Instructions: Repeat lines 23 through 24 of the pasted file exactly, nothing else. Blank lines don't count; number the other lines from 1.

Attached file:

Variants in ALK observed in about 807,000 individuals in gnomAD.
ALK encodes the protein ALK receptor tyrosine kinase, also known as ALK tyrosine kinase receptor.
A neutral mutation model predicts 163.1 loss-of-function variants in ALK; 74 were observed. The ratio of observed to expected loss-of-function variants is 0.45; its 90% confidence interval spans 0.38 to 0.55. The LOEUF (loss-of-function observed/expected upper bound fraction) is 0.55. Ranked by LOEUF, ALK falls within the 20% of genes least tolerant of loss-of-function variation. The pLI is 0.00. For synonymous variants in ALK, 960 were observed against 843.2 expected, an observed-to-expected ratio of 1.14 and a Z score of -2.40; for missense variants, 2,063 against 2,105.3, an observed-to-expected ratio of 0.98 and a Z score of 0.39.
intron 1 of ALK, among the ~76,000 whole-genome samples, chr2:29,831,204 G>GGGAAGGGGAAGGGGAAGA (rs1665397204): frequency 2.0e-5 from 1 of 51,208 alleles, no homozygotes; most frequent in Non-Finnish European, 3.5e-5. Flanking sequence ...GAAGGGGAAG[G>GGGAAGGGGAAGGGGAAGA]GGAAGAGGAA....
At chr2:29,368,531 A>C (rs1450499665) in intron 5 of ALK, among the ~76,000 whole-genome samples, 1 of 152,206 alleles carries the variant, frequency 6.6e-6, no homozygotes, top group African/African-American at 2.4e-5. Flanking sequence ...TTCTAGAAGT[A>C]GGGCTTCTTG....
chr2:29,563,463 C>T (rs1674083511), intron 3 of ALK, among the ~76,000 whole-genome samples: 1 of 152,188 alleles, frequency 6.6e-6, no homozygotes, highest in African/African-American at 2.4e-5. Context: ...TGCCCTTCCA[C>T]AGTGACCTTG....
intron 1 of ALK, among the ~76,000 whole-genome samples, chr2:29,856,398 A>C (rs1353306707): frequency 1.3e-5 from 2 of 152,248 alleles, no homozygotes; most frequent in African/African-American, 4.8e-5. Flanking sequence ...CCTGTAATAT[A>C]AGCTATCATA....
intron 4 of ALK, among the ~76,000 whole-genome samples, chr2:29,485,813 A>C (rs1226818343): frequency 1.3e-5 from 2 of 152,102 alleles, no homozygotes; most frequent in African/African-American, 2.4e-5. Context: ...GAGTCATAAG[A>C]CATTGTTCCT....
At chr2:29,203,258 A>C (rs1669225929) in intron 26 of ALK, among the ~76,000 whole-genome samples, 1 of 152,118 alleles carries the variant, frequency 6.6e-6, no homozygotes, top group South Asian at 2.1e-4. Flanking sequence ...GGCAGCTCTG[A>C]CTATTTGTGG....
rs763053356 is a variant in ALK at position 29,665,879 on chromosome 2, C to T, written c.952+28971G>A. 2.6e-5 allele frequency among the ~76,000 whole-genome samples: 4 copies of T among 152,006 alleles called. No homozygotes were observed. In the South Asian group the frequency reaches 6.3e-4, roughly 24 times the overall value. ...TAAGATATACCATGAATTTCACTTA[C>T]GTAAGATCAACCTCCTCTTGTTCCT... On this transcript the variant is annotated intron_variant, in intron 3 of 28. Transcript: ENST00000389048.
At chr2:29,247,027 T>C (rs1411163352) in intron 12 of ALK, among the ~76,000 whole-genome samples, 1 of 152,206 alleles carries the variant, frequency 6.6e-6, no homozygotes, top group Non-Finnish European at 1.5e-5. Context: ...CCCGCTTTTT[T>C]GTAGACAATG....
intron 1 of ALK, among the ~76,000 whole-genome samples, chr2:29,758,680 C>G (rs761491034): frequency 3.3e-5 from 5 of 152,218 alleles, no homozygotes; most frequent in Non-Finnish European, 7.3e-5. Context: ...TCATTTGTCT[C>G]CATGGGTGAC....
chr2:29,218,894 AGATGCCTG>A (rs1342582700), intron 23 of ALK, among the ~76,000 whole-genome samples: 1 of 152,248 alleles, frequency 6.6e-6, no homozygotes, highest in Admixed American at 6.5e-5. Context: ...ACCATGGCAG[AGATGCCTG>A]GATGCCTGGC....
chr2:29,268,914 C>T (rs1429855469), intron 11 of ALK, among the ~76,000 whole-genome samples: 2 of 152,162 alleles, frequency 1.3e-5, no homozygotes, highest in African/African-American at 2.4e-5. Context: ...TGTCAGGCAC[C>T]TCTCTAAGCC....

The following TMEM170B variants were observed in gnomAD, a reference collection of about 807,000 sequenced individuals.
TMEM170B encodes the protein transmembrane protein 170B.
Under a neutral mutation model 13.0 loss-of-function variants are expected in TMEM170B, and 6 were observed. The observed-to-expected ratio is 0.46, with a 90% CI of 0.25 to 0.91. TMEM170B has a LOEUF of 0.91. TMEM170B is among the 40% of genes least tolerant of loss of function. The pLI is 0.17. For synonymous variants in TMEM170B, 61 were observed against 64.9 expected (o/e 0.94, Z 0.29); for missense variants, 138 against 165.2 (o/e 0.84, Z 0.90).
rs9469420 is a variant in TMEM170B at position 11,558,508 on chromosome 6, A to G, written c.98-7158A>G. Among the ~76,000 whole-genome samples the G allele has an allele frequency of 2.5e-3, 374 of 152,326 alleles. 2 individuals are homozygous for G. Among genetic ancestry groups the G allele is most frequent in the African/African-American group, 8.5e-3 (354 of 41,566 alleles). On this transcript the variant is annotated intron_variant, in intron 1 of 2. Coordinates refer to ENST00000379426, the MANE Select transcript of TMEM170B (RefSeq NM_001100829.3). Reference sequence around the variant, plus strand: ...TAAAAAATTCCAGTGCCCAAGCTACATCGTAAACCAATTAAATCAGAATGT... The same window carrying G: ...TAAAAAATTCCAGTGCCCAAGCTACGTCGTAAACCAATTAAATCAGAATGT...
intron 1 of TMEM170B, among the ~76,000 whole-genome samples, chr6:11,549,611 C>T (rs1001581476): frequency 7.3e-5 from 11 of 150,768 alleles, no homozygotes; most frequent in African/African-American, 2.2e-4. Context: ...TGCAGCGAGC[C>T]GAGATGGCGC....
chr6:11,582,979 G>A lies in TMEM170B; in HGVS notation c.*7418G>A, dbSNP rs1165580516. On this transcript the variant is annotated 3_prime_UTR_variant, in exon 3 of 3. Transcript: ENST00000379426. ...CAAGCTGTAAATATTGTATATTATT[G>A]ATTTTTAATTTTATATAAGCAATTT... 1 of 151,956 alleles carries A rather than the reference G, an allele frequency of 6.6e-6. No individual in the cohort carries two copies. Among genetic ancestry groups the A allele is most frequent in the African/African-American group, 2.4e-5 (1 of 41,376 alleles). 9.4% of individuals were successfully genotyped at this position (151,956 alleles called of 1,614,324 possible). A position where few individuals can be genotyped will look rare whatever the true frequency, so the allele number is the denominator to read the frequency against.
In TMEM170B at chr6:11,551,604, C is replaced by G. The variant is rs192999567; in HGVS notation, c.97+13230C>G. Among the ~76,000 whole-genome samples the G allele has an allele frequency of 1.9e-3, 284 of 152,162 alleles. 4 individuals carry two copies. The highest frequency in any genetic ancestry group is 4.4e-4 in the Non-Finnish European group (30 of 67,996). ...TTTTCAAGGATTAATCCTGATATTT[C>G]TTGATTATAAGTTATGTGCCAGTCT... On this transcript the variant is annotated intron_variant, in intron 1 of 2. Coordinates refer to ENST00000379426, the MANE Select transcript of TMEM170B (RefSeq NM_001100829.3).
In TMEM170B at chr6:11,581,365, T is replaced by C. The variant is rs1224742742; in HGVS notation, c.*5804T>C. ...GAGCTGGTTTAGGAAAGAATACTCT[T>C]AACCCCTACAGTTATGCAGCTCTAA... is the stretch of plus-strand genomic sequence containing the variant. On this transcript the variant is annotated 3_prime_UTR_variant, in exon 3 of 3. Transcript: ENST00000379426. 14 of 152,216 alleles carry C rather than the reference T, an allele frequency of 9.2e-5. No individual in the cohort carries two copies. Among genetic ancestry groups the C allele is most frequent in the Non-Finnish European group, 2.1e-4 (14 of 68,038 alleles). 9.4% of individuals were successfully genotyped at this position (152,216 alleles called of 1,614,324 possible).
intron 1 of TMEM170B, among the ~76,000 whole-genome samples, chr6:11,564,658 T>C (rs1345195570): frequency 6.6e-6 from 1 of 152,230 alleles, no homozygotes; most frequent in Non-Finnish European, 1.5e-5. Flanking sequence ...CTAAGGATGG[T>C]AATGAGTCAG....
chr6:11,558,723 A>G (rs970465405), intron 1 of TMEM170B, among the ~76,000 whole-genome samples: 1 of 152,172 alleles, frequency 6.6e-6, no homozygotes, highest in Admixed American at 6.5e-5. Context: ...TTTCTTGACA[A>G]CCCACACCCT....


intron 1 of TMEM170B, among the ~76,000 whole-genome samples, chr6:11,564,658 T>C (rs1345195570): frequency 6.6e-6 from 1 of 152,230 alleles, no homozygotes; most frequent in Non-Finnish European, 1.5e-5. Flanking sequence ...CTAAGGATGG[T>C]AATGAGTCAG....
chr6:11,558,723 A>G (rs970465405), intron 1 of TMEM170B, among the ~76,000 whole-genome samples: 1 of 152,172 alleles, frequency 6.6e-6, no homozygotes, highest in Admixed American at 6.5e-5. Context: ...TTTCTTGACA[A>G]CCCACACCCT....